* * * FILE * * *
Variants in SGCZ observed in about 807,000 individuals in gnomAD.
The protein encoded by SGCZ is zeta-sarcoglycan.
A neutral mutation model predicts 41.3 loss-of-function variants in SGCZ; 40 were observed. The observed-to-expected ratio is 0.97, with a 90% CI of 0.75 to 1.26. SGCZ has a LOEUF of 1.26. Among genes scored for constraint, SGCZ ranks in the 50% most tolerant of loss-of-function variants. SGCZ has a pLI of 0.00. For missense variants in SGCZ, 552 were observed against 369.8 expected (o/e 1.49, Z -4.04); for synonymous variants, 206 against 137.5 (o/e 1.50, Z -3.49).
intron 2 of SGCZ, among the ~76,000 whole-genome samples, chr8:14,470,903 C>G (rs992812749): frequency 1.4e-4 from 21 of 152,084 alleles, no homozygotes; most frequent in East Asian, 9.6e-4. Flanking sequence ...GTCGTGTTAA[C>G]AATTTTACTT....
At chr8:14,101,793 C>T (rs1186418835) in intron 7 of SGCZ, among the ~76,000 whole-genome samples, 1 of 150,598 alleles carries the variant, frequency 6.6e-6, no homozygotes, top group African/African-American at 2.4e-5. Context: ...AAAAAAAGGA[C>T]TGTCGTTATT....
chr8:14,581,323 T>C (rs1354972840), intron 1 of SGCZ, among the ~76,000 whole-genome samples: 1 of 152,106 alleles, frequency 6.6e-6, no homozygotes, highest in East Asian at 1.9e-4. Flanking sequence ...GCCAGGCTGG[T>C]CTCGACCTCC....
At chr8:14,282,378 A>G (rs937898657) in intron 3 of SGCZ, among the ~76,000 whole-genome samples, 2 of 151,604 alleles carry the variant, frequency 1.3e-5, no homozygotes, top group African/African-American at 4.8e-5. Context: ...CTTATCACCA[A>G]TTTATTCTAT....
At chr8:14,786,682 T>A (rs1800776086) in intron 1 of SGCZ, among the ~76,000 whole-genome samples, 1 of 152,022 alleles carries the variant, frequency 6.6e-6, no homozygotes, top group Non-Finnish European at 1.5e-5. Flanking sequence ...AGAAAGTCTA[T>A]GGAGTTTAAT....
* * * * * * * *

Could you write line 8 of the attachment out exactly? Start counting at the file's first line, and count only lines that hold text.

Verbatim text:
At chr8:14,786,682 T>A (rs1800776086) in intron 1 of SGCZ, among the ~76,000 whole-genome samples, 1 of 152,022 alleles carries the variant, frequency 6.6e-6, no homozygotes, top group Non-Finnish European at 1.5e-5. Flanking sequence ...AGAAAGTCTA[T>A]GGAGTTTAAT....